Journal Articles

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*Shachnai, R., Kushnir, T., & Bian, L. (2022). Walking in her shoes: Pretending to be a woman role model increases young girls’ persistence in science. Psychological Science. [PDF] [Supplementary Materials]

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*Shu, Y., Hu, Q., Xu, F., & Bian, L. (2022). Gender stereotypes are racialized: A cross-cultural investigation of children’s gender stereotypes about brilliance. Developmental Psychology. [PDF] [Supplementary Materials]

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Bian, L., & Baillargeon, R. (2022). When are similar individuals a group? Early reasoning about similarity and ingroup support. Psychological Science. [PDF] [Supplementary Materials]

Bian, L., & Cimpian, A. (2021). Generics about categories and generics about individuals: Same phenomenon or different? Journal of Experimental Psychology: Learning, Memory, and Cognition. [PDF]​ [Supplementary Materials]

Bian, L., & Markman, E. (2020). What should we eat for breakfast? American and Chinese children’s prescriptive judgments about breakfast foods. Cognitive Development. [PDF]

Bian, L., & Markman, E. (2020). Why do we eat cereal but not lamb chops at breakfast? Investigating Americans’ beliefs about breakfast foods. Appetite. [PDF] [Supplementary Materials]

Powell, D., Bian, L., & Markman, E. (2020). When intents to educate can misinform: Unintentional paltering through violations of communicative norms. Plos ONE. [PDF]

Bian, L., Leslie, S.-J., & Cimpian, A. (2018). Evidence of bias against girls and women in contexts that emphasize intellectual ability. American Psychologist, 73(9), 1139-1153. [PDF]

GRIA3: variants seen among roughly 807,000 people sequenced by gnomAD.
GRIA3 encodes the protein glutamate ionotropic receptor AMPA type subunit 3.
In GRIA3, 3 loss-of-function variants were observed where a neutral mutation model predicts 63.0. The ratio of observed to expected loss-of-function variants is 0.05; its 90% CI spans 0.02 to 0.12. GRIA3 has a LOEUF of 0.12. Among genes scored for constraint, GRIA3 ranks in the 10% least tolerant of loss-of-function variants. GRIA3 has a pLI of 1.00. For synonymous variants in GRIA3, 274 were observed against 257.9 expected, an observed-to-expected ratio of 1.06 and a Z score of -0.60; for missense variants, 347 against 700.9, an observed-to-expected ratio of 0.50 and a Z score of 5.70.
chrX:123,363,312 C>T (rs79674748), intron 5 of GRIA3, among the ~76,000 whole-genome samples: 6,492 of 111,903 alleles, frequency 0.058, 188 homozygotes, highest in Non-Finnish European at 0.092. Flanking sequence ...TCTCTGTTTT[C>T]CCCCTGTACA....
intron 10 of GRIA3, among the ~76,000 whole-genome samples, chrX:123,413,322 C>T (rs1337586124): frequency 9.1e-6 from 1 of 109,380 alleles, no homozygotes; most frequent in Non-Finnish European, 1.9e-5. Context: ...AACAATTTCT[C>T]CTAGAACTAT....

Bian, L., Sloane, S., & Baillargeon, R. (2018). Infants expect ingroup support to override fairness when resources are limited. Proceedings of the National Academy of Sciences, 115(11), 2705-2710. [PDF]

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Bian, L., Leslie, S.-J., Murphy, M., & Cimpian, A. (2018). Messages about brilliance undermine women’s interest in educational and professional opportunities. Journal of Experimental Social Psychology. [PDF] [Supplementary Materials]

Bian, L., Leslie, S. J., & Cimpian, A. (2017).* Gender stereotypes about intellectual ability emerge early and influence children’s interests. Science, 355(6323), 389–391. [PDF] [Supplementary Materials] ​[Data] ​

Bian, L., & Cimpian, A. (2017). Are stereotypes accurate? A perspective from the cognitive science of concepts. Brain and Behavioral Sciences, 40, e3. [PDF] ​

Baillargeon, R., Scott, R. M., & Bian, L. (2016). Psychological reasoning in infancy. Annual Review of Psychology, 67, 159-186. [PDF]

Under Review

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*Barhaloo, R., Xu, F., & Bian, L. (under review). The development of racial stereotypes about competence and warmth.

*Ransom, A., Anderson, A., De Rosa, E., & Bian, L. (under review). Emotion talk: Disclosed emotions shape children’s social choices.

*Tian, Y., & Bian, L. (under review). Should leaders conform? The role of leadership in children’s prescriptive evaluations of non-conformity.

Bian, L., & Baillargeon, R. (revise and resubmit). Toddlers understand shows of ingroup loyalty that go against personal preference.

Ting, F., He, Z., Bian, L., & Baillargeon, R. (revise and resubmit). How many eyes for an eye? Infants expect less retaliation toward ingroup wrongdoers.

Book Chapters

Bian, L. (In press). Gender stereotypes and education. In D. Vanderlaan I. Wong, (Eds.) Gender and sexuality development: contemporary theory and research. Berlin, Germany: Springer.

Bian, L., & Baillargeon, R. (2017). False beliefs. In T. K. Shackelford & V. A. Weekes-Shackelford (Eds.), Encyclopedia of Evolutionary Psychological Science (pp. 1–13). Cham, Switzerland: Springer International Publishing. [PDF]

Baillargeon, R., Scott, R. M., He, Z., Sloane, S., Setoh, P., Jin, K., Wu, D., & Bian, L. (2015). Psychological and sociomoral reasoning in infancy. In P. Shaver & M. Mikulincer (Eds.-in-chief) & E. Borgida & J. Bargh (Vol. Eds.), APA Handbook of Personality and Social Psychology: Vol.1. Attitudes and Social Cognition. Washington, D.C.: APA. [PDF]

Baillargeon, R., Setoh, P., Sloane, S., Jin, K., & Bian, L. (2014). Infant social cognition: Psychological and sociomoral reasoning. In M. S. Gazzaniga & R. Magnum (Eds.-in-chief), The Cognitive Neurosciences V. Cambridge, MA: MIT Press. [PDF]